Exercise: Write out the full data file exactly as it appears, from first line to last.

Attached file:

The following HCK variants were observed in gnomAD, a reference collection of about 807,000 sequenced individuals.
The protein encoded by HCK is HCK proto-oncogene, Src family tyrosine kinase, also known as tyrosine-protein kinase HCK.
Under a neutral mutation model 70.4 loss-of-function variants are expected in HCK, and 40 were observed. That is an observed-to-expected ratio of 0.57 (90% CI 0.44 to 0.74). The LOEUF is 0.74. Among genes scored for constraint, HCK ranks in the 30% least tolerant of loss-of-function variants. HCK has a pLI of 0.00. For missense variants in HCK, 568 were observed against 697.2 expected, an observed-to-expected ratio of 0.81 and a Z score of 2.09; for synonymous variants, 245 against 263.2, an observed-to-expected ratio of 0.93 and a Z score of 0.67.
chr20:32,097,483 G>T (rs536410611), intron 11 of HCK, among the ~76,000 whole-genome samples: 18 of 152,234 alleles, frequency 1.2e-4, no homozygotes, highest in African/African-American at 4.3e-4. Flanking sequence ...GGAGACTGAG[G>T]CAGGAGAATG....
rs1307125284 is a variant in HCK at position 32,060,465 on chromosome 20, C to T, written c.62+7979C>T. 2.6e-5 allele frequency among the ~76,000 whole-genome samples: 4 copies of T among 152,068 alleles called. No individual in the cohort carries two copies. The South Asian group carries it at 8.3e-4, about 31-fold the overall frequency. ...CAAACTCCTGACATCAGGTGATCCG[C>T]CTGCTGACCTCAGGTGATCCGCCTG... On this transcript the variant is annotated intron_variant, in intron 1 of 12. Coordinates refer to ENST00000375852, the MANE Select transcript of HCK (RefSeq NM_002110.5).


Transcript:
The following HCK variants were observed in gnomAD, a reference collection of about 807,000 sequenced individuals.
The protein encoded by HCK is HCK proto-oncogene, Src family tyrosine kinase, also known as tyrosine-protein kinase HCK.
Under a neutral mutation model 70.4 loss-of-function variants are expected in HCK, and 40 were observed. That is an observed-to-expected ratio of 0.57 (90% CI 0.44 to 0.74). The LOEUF is 0.74. Among genes scored for constraint, HCK ranks in the 30% least tolerant of loss-of-function variants. HCK has a pLI of 0.00. For missense variants in HCK, 568 were observed against 697.2 expected, an observed-to-expected ratio of 0.81 and a Z score of 2.09; for synonymous variants, 245 against 263.2, an observed-to-expected ratio of 0.93 and a Z score of 0.67.
chr20:32,097,483 G>T (rs536410611), intron 11 of HCK, among the ~76,000 whole-genome samples: 18 of 152,234 alleles, frequency 1.2e-4, no homozygotes, highest in African/African-American at 4.3e-4. Flanking sequence ...GGAGACTGAG[G>T]CAGGAGAATG....
rs1307125284 is a variant in HCK at position 32,060,465 on chromosome 20, C to T, written c.62+7979C>T. 2.6e-5 allele frequency among the ~76,000 whole-genome samples: 4 copies of T among 152,068 alleles called. No individual in the cohort carries two copies. The South Asian group carries it at 8.3e-4, about 31-fold the overall frequency. ...CAAACTCCTGACATCAGGTGATCCG[C>T]CTGCTGACCTCAGGTGATCCGCCTG... On this transcript the variant is annotated intron_variant, in intron 1 of 12. Coordinates refer to ENST00000375852, the MANE Select transcript of HCK (RefSeq NM_002110.5).